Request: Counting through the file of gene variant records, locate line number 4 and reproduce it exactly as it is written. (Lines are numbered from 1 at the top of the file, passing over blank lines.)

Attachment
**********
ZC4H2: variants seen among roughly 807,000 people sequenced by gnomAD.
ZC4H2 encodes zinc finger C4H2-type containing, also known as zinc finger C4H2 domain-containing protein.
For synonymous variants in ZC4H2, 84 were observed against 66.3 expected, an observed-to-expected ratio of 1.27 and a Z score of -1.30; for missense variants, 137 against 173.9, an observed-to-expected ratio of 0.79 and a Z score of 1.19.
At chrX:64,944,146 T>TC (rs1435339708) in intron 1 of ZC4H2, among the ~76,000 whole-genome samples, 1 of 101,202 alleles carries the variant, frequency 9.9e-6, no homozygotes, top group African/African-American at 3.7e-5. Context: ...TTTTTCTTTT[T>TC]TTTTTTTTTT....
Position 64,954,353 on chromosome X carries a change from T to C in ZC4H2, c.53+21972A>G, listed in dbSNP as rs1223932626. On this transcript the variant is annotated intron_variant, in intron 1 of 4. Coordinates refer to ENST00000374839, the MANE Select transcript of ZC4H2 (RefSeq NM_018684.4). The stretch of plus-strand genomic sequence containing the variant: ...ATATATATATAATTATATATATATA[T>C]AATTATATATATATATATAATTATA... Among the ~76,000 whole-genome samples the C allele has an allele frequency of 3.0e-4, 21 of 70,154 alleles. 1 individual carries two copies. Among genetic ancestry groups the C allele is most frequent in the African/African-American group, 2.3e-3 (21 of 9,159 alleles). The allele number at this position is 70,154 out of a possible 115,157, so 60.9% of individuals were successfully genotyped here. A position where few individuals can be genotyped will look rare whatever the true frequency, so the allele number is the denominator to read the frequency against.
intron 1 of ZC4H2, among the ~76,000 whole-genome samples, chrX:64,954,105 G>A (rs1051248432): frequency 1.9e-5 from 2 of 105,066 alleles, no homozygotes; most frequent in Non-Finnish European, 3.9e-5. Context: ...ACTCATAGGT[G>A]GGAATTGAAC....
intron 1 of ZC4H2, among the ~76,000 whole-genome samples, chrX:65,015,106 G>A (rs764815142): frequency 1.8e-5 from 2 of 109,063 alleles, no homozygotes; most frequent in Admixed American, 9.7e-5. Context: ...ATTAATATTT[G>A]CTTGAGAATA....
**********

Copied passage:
At chrX:64,944,146 T>TC (rs1435339708) in intron 1 of ZC4H2, among the ~76,000 whole-genome samples, 1 of 101,202 alleles carries the variant, frequency 9.9e-6, no homozygotes, top group African/African-American at 3.7e-5. Context: ...TTTTTCTTTT[T>TC]TTTTTTTTTT....